In this case we will use the same engine, but fire it of using PowerShell instead, it gives us more flexibility and more control

Step Number One – Create the Apps.XML

Here we create an XML file that contain all the settings for all the different application we would like to deploy and here it how it looks:

as you can see it contains the application, arguments, reboot settings and all the return codes this application could return when it “feels” that it needs a reboot

Step Number Two – Create the Deploy-Apps.ps1 script

The script uses the Parameter function to read in data from the command line and then it reads the XML file, we also need to make sure that some of the data from the XML file is parsed correctly as strings or as Boolean. Then we use all that data set some static settings and last we use the Invoke-SCScriptCommand to execute the command on the host, the script looks like this:

Step Number Three – Execute!

Execute the script like this:

And wait for the job in the log and after a while it will inform you that the job did finish with warnings, the reason for the warning is that is actually a real warning from the application that is picked up up by the output

The hpsum.exe detects the version of windows as 6.2 (and that is correct), but even if HP claims that is supported, the HPSUM.exe does not have the same opinion . Hopefully HP will fix this later.

So in the Job log it will show up like this:

Summary using PowerShell:

This gives a more stable solution which can be extended and automated and that I like…

You can download the scripts from here:


Categories: MDT

Better Together - The New Windows Server 2012 R2 Innovations – Download Now

Microsoft Deployment Toolkit Team Blog - Tue, 08/20/2013 - 12:00

There are quite a few products that make up the Microsoft Cloud OS vision. Windows Server 2012 R2 is in preview right now and ready for your evaluation.  We also have a strong management platform that make up the System Center family of products. They are designed to have tight integration with the core being Windows Server.

If you are looking for information on Windows Server 2012 R2, we have been rolling out detailed information though Brad Anderson’s What’s New in 2012 R2 blog series.  That will continue but we thought you would like a short consolidated list for consideration.  Here are some of the new innovations in Windows Server 2012 R2.

Storage transformation – Delivers breakthrough performance at a fraction of the cost

  • The storage tiering feature of Storage Spaces in Windows Server 2012 R2 automatically tiers data across hard disks and solid state drives based on usage to dramatically increase storage performance and cost efficiency.

Software defined networking – Provides new levels of agility and flexibility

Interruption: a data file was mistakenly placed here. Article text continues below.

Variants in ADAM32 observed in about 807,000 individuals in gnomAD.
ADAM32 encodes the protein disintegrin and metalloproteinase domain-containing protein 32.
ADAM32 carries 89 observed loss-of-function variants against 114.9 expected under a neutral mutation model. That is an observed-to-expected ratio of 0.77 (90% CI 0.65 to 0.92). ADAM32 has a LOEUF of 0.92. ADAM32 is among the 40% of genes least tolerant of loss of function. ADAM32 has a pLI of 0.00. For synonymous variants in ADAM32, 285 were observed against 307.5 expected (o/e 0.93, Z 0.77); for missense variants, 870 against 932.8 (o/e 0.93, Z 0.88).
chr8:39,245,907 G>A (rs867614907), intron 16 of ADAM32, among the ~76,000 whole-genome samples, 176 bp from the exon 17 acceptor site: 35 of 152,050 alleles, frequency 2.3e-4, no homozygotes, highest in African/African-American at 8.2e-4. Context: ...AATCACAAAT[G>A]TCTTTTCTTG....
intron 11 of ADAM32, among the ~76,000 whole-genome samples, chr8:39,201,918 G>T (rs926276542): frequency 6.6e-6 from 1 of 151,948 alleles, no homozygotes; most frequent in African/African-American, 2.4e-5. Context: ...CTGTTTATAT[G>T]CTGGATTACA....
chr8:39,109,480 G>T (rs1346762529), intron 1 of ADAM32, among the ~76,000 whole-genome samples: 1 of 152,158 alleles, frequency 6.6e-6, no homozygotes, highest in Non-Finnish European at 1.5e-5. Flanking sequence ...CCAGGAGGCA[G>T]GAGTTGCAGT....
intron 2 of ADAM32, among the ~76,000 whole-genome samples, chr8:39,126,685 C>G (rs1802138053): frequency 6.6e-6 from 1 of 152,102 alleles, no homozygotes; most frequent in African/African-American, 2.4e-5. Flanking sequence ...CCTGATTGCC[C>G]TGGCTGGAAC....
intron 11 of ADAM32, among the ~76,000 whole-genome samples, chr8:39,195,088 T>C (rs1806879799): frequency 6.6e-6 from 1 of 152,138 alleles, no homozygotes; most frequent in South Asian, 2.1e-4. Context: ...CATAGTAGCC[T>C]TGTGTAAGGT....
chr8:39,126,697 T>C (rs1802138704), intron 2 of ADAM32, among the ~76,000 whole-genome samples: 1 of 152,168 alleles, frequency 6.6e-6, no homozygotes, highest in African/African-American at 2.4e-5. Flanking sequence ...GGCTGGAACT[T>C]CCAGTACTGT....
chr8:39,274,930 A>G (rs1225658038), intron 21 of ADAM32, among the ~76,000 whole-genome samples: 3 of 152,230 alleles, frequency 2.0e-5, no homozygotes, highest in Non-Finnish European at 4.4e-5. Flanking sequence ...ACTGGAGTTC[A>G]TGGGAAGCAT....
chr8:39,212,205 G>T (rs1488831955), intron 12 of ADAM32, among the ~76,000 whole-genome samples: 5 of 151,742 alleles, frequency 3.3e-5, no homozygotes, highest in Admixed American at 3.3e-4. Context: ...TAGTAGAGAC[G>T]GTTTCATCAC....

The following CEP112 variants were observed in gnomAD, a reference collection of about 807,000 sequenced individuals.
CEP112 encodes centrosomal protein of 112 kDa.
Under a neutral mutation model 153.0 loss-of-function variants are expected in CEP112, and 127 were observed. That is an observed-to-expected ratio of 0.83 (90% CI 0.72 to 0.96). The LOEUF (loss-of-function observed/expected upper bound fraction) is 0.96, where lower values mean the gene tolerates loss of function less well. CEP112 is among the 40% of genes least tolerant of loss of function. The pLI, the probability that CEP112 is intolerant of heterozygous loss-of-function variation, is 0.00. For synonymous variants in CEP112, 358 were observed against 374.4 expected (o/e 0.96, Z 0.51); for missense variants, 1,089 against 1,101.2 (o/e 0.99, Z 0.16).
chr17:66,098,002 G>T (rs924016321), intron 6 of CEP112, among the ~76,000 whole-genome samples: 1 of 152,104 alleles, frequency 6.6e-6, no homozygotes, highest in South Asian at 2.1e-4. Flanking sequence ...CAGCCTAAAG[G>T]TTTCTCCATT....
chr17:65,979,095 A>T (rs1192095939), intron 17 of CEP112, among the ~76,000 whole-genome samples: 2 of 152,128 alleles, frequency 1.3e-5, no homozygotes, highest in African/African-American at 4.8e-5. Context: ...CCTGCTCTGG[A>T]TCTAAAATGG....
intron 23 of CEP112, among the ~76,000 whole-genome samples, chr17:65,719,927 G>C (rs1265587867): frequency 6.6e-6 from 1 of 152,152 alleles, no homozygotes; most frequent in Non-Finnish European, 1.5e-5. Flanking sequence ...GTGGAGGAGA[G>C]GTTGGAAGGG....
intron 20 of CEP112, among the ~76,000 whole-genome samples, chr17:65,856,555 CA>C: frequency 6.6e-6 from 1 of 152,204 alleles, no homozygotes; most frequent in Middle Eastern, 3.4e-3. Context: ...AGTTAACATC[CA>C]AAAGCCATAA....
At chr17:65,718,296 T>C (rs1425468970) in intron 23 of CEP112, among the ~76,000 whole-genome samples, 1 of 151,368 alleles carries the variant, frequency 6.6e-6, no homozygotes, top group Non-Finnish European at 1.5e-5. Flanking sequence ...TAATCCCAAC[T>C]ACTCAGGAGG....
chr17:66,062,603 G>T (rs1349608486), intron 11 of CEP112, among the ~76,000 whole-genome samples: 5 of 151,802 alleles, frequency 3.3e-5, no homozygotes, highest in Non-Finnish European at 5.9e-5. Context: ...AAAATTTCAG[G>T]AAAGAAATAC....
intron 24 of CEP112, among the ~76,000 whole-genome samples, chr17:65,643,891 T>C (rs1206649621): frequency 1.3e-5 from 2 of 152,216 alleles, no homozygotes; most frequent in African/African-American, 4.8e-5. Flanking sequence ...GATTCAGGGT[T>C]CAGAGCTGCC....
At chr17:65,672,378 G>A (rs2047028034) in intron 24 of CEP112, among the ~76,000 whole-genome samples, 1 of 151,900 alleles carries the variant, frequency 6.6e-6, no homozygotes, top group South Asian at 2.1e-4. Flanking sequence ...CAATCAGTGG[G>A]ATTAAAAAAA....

• Network virtualization in Windows Server 2012 R2, along with the management capabilities in System Center 2012 R2 provides the flexibility to place any virtual machine on any node regardless of IP address with isolation. 
  • New in-box gateway in Windows Server 2012 R2 extends virtual networks to provide full connectivity to physical networks as well as access to virtual networks over the internet.

Virtualization and live migration – Provides an integrated and high-performance virtualization platform

  • Cross-version live migration enables virtual machines running on Windows Server 2012 to be migrated to Windows Server 2012 R2 hosts with no downtime.
  • Live migration compression provides dramatic time savings (approximately 50% or greater) by using spare CPU cycles to compress live migration traffic with no special hardware.
  • Live migration with RDMA enables offloading of the process to the NICs (if they support RDMA) for even faster live migrations.

Access & Information Protection – Empowering your users to be productive while maintaining control and security of corporate information with Windows Server 2012 R2

  • Enable users to work on the device of their choice (through BYOD programs or on personal devices) by providing a simple registration process to make the devices known to IT and be taken into account as part of your conditional access policies
  • Deliver policy-based access control to corporate applications and data with consistent experiences across devices
  • Protect corporate information and mitigate risk by managing a single identity for each user across both on-premises and cloud-based applications and enabling multi-factor authentication for additional user validation

Java application monitoring – Enables deep application insight into Java applications.

  • Provides performance and exception events as well as level alerting within Operations Manager for Java applications.